You are here: Home / Articles / A Millennial Offers 7 Tips for Winning the Job You want
A Millennial Offers 7 Tips for Winning the Job You want
October 8, 2014
Today's guest post is courtesy of repeat guest blogger Nicole Neves, a former Kronos intern who has joined our HR department as an employee. Nicole will be guest blogging here on issues that are relevant to Millennials in the workplace.
When entering the workforce, Millennials often have this idealistic vision that we can find the perfect job and organization that will cultivate and mold our professional development. Our drive and ambition is a double edged sword, we will do whatever it takes to be successful but appear high maintenance and disloyal. The stereotype is beginning to break as we prove ourselves in the workforce but there will always be a stubborn bunch that doubts us. Still, we need to demonstrate dedication to an organization and an undeniable commitment to our work to assure employers we are in it for the long haul. If you are genuinely interested in winning a position with an employer, you need to plan and prepare in order to set yourself apart.
Here are a few tips:
Define your value. In order to choose an employer you must understand your own underlying values. When an employer asks the infamous question: “Where do you see yourself in 5 years” don't just give a generic answer. Consider what you are passionate about and express it in your answer. There is no wrong way to answer this question but an answer reflecting your values will be a lot more telling than an entire outline of how you are going to climb to the top in that short period of time. Especially if it took that hiring manager 20 years to get to where you expect to be in just 5.
Do your research. Check into your network to see if you know anyone that is working or has worked at an employer you are interested in. References are great but do not rely on them. The internet is also full of information, try GlassDoor for candid employee reviews of their employer.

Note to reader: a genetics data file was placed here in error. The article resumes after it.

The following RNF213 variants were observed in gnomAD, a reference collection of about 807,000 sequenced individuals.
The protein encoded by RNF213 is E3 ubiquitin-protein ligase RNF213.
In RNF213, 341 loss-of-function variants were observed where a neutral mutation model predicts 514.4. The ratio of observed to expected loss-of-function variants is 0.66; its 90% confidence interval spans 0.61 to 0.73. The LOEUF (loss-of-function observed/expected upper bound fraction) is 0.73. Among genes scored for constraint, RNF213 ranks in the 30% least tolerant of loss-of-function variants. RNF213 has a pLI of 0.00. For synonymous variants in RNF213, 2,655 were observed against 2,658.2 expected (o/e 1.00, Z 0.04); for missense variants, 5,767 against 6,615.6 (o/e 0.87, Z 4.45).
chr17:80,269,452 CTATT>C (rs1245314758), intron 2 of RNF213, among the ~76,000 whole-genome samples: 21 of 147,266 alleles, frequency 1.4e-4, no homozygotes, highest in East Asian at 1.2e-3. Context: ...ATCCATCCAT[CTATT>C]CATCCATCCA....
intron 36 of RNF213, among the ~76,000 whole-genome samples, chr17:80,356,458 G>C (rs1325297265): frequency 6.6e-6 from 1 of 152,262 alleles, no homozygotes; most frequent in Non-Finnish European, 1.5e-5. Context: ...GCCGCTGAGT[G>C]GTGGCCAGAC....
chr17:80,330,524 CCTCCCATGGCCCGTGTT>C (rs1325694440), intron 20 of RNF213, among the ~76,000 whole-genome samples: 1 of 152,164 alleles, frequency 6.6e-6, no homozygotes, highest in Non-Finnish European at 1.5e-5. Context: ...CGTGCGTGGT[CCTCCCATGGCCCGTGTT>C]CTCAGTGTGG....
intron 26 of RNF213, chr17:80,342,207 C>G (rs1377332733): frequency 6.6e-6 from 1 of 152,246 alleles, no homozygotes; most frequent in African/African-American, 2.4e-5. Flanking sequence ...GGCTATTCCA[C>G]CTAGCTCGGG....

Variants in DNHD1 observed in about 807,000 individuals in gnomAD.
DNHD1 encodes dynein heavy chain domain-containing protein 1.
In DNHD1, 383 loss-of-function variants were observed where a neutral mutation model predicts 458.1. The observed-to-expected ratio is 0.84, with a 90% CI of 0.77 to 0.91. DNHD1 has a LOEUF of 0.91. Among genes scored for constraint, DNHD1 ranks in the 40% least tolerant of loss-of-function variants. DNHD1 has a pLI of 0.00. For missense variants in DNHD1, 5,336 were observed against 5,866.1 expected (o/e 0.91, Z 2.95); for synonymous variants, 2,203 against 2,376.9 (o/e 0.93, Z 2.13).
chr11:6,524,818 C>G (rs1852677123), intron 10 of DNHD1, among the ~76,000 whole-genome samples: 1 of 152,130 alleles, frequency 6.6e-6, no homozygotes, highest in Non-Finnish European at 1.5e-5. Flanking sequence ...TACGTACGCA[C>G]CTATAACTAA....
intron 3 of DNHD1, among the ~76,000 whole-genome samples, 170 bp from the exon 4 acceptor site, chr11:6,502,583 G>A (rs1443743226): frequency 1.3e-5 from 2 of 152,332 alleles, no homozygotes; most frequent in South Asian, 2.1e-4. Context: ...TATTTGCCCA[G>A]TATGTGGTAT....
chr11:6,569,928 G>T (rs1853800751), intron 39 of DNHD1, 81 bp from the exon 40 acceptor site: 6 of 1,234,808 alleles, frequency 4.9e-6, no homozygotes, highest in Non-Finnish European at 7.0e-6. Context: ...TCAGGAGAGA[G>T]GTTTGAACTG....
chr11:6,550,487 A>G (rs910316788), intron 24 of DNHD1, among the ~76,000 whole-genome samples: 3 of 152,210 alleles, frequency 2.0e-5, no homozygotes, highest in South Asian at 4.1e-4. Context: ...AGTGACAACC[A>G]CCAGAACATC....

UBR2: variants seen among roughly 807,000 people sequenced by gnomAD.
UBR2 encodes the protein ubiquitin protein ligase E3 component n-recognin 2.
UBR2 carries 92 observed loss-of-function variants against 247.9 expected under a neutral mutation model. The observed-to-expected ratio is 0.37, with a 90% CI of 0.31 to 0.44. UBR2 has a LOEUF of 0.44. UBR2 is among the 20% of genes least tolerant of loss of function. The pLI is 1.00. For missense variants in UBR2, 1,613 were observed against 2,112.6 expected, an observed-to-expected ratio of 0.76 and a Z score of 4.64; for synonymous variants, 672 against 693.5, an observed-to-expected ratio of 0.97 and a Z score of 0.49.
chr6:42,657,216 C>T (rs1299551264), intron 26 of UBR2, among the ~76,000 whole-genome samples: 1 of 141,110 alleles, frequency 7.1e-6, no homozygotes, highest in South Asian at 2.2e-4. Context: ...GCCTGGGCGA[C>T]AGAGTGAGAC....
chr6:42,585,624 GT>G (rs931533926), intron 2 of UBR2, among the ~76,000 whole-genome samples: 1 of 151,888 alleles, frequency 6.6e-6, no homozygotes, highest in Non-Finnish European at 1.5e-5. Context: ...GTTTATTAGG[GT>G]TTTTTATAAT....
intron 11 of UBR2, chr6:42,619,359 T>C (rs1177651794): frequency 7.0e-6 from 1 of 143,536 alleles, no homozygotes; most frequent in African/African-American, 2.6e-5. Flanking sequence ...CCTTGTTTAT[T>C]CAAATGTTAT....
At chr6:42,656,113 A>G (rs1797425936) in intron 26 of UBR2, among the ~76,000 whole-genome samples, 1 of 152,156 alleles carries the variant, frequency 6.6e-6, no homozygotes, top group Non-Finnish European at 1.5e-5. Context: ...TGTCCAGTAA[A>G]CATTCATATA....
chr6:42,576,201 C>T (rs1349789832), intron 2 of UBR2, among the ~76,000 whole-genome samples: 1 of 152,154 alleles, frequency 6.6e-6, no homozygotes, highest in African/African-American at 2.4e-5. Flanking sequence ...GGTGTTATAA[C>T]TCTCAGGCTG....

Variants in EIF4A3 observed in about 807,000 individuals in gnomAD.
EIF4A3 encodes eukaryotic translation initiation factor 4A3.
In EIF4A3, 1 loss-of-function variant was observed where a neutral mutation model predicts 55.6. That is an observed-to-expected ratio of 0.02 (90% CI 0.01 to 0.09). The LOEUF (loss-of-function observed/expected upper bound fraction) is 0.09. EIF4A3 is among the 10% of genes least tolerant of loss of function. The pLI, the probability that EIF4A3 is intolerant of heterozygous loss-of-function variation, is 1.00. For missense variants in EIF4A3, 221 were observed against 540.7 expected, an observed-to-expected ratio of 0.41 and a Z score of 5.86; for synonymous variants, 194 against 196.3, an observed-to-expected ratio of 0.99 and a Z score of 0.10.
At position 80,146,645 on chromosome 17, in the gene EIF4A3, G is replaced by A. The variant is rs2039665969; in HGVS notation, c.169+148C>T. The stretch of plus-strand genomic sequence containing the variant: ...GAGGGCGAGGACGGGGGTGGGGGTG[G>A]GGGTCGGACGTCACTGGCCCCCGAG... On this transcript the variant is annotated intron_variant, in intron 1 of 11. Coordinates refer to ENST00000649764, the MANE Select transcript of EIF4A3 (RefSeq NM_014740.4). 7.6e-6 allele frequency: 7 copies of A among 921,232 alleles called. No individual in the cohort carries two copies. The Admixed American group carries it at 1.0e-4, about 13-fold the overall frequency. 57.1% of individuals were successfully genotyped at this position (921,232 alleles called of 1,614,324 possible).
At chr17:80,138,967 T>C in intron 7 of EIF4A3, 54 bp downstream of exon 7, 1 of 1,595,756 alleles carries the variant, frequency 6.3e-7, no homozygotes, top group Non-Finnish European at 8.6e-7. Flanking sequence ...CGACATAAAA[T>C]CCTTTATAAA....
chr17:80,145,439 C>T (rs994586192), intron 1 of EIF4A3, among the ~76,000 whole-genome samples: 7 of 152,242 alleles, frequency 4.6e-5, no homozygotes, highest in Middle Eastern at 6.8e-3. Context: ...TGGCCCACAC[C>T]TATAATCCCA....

Get an internship prior to senior year and even consider an internship after graduating. There is no shame in wanting more experience before searching for an entry level position. It is better to spend post grad interning than sitting idle at home waiting for the opportunity. relevant internships are vital to demonstrating to a prospective employer that you are a serious candidate.
Read a book and improve your communication skills. No matter what field you are in you will need to write some sort of report and constantly communicate with those around you. It is easy to improve writing skills by reading and you can even kill two birds with one stone by reading a book that will also improve your communication skills such as Emotional Intelligence 2.0.
Detail, detail, detail. When you are asked a technical question in an interview give as much detail as possible. If you are too broad they might think you don't know what you're talking about no matter how knowledgeable you are on the subject. Whether it is a question about a project you worked on or how to use a software, don't skimp on details.
Push for what you want. You will not be handed the career of your dreams. If you hear the employer you are interested in will be on campus, go speak to them. If you hear the employer you are interested in will be at an event such as TechJam, go speak to them. Persistence is key. Even if you are initially denied a position, take the news gracefully and keep in touch. Ask if there is anything you can improve next time around then take that advice to better yourself. Another position will likely open up in upcoming months and if they notice a drastic improvement they will respect the effort you put in.
Once you get the job, stay loyal. An employer hiring a new grad is taking a risk. If you did your research and are genuinely happy at the organization, show them your loyalty. Entering the workforce full time is an overwhelming milestone that sometimes results in rash decisions. If you chose the company you were hired at for all the right reasons do not leave simply because you were offered higher compensation at another organization. It will surely come back to haunt you in the future if you are unhappy at your new job. Money doesn't buy happiness. Always consider work/life balance, culture and the responsibilities you are given before making the decision.